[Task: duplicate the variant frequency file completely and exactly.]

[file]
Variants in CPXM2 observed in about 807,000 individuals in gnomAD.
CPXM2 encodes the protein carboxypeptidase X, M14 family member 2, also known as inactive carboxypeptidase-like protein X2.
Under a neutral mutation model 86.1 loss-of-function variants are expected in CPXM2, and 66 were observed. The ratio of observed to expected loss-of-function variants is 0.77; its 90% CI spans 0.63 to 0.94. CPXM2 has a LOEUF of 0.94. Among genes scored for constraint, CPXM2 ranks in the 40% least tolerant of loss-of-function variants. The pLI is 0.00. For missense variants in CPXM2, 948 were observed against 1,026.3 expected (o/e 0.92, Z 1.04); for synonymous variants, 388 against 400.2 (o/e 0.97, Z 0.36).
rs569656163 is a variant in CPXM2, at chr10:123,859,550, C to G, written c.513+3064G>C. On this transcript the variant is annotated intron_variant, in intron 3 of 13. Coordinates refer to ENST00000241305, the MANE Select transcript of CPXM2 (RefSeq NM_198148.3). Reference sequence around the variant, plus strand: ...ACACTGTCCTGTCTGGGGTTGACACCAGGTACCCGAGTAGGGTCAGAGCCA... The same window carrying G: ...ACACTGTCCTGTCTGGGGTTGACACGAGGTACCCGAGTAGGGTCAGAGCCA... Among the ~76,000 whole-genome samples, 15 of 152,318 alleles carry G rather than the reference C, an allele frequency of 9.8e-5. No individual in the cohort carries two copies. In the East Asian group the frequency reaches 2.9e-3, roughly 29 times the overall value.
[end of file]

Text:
Variants in CPXM2 observed in about 807,000 individuals in gnomAD.
CPXM2 encodes the protein carboxypeptidase X, M14 family member 2, also known as inactive carboxypeptidase-like protein X2.
Under a neutral mutation model 86.1 loss-of-function variants are expected in CPXM2, and 66 were observed. The ratio of observed to expected loss-of-function variants is 0.77; its 90% CI spans 0.63 to 0.94. CPXM2 has a LOEUF of 0.94. Among genes scored for constraint, CPXM2 ranks in the 40% least tolerant of loss-of-function variants. The pLI is 0.00. For missense variants in CPXM2, 948 were observed against 1,026.3 expected (o/e 0.92, Z 1.04); for synonymous variants, 388 against 400.2 (o/e 0.97, Z 0.36).
rs569656163 is a variant in CPXM2, at chr10:123,859,550, C to G, written c.513+3064G>C. On this transcript the variant is annotated intron_variant, in intron 3 of 13. Coordinates refer to ENST00000241305, the MANE Select transcript of CPXM2 (RefSeq NM_198148.3). Reference sequence around the variant, plus strand: ...ACACTGTCCTGTCTGGGGTTGACACCAGGTACCCGAGTAGGGTCAGAGCCA... The same window carrying G: ...ACACTGTCCTGTCTGGGGTTGACACGAGGTACCCGAGTAGGGTCAGAGCCA... Among the ~76,000 whole-genome samples, 15 of 152,318 alleles carry G rather than the reference C, an allele frequency of 9.8e-5. No individual in the cohort carries two copies. In the East Asian group the frequency reaches 2.9e-3, roughly 29 times the overall value.